Jaishankar does not mince words and is often criticised for it by the Western quarters (reflected by some Indian ones) who point to the growing disquiet over strong India-Russia ties amidst the war in Ukraine. This is even though India has continued to purchase Russian armaments and oil at a concessional rate. Last year’s trenchant criticism of India’s role has more or less died down at the end of 2023.

ALSO READ: ‘2024 Will Be About Russia, China, Modi…’

Jaishankar has sought to refute the impression that India was ‘over-dependent’ on Russia and that their relationship was a ‘handicap’. “This relationship has saved us many times. If we are over-dependent or not, actually at the end of the day it depends on us.”

Endorsing Jaishankar on why India did not support the UN resolution castigating Russia for an “attack” on Ukraine, Prof K N Pandita, a former director of the Center of Central Asian Studies at Kashmir University writes in The Eurasia Times (December 8, 2023): “voting for or against Russia in controversial global issues is not strictly based on euphoric friendship; it is undoubtedly based on ground realities and pragmatism, among the fundamentals of astute statesmanship.”

Times and the contexts, though, have changed. Nobody talks of an India-Russia-China alliance as was done in the 1990s. India and China have turned adversaries in recent years and the border tensions plus China-Pakistan relations have added to India consolidating its ties with the West, especially the United States, as never before. And yet it is keen to retain its options.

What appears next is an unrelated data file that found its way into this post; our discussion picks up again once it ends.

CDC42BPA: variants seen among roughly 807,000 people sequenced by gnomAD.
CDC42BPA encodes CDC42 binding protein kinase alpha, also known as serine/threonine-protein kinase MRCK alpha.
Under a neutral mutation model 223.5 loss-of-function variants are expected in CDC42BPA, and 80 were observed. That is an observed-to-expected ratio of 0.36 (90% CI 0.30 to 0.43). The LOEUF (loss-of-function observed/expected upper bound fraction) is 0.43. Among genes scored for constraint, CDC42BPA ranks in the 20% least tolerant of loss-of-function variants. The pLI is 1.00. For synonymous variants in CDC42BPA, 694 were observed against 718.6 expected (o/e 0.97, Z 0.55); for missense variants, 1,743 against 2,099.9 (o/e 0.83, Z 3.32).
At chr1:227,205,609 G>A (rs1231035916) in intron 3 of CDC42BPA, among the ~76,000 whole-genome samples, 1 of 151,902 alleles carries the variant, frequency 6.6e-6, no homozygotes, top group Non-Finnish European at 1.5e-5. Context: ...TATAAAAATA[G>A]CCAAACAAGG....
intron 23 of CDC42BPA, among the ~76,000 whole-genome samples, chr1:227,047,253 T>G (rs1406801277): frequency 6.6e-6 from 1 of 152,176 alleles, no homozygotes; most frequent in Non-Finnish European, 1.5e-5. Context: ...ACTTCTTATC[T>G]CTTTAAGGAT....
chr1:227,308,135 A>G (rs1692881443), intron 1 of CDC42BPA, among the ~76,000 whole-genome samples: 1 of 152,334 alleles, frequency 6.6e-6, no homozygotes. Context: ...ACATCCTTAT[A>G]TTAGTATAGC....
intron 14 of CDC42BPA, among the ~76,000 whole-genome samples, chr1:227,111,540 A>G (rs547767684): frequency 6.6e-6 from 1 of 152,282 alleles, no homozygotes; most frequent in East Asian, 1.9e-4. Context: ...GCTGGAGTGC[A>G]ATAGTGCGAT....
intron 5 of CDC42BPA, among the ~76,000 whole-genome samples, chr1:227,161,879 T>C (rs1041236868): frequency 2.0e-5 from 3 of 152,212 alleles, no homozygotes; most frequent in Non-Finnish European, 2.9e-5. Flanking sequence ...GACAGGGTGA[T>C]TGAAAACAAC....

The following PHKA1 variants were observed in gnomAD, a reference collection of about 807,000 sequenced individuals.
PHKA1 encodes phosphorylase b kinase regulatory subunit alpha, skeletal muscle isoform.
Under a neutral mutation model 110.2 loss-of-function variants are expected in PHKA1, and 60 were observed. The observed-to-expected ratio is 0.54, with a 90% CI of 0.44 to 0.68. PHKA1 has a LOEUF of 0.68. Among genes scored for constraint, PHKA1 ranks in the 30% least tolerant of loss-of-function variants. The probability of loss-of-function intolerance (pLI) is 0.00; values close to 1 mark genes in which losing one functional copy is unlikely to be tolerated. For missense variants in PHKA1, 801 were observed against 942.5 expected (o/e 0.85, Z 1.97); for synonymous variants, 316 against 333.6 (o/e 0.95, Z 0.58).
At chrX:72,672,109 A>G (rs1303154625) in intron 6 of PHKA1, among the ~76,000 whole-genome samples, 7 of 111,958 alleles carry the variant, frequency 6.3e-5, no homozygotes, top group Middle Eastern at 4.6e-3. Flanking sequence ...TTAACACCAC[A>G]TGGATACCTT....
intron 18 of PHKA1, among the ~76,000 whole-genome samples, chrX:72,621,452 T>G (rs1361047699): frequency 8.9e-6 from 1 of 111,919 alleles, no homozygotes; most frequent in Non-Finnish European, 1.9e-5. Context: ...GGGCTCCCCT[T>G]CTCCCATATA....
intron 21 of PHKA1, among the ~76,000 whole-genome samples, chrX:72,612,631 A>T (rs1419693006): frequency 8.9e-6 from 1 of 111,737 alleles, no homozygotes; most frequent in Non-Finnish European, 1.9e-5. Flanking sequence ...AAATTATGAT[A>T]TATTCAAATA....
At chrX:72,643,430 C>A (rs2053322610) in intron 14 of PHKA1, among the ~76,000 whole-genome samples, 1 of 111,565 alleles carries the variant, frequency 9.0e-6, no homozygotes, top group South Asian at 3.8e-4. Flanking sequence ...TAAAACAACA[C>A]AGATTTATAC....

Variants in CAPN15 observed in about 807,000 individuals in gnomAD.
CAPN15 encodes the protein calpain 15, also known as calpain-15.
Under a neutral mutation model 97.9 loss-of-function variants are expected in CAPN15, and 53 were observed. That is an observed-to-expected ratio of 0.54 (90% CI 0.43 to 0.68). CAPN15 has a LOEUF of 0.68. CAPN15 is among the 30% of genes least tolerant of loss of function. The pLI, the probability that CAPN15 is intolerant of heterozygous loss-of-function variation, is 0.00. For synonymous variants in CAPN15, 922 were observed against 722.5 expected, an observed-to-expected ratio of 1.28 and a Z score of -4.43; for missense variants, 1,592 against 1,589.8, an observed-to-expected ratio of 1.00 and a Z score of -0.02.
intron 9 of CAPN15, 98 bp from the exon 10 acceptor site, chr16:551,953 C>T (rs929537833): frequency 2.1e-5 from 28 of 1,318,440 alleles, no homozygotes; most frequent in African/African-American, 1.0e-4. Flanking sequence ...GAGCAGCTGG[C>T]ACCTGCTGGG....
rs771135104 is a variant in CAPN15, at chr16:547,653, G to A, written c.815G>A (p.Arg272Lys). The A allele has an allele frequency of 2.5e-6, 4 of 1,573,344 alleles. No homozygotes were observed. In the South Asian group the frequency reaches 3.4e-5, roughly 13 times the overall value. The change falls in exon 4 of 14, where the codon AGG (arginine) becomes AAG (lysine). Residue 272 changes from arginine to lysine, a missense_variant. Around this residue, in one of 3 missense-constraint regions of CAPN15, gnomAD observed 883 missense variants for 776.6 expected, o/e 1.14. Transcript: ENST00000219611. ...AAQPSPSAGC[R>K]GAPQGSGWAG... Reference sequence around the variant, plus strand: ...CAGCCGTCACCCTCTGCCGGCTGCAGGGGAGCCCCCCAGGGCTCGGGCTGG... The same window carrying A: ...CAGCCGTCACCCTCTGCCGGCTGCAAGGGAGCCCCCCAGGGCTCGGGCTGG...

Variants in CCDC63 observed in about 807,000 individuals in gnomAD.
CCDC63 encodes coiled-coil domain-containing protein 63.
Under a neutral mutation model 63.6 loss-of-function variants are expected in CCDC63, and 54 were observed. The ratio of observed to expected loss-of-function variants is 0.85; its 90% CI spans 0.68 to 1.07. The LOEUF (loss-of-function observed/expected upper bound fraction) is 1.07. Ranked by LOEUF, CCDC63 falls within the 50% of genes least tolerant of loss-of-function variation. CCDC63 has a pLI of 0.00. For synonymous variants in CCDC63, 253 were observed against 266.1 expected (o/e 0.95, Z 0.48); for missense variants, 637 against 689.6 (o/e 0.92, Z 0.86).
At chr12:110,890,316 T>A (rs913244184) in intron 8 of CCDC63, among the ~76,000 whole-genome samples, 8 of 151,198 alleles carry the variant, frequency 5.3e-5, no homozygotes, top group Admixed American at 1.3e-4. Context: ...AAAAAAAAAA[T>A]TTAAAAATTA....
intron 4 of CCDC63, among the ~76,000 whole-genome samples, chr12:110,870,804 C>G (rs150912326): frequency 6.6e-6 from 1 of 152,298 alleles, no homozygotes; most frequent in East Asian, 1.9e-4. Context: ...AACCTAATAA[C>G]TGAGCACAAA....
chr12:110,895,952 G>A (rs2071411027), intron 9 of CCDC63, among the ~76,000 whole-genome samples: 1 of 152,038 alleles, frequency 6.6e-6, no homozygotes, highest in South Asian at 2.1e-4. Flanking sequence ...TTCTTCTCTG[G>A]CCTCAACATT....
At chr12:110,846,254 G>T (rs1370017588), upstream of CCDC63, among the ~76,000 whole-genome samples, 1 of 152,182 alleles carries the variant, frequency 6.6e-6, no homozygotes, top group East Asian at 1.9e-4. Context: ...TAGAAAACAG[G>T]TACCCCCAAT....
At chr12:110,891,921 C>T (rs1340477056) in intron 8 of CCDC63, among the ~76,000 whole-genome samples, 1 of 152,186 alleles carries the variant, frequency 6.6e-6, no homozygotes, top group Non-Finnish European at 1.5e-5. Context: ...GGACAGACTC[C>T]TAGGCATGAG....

There is history that India is reminded of, even as it forges close ties with the US. Defence analyst and a former Indian military pilot, VK Thakur points out that on December 5, 1971, the-then US President Richard Nixon ordered the nuclear-powered and armed aircraft carrier of the US 7th fleet – USS Enterprise – to sail into the Bay of Bengal to intervene in the ongoing India-Pakistan conflict in support of Pakistan. The US hoped to stop the advance of the Indian Army on Dhaka. And if that did not prove possible, to extricate Pakistani forces trapped in East Pakistan – now Bangladesh.”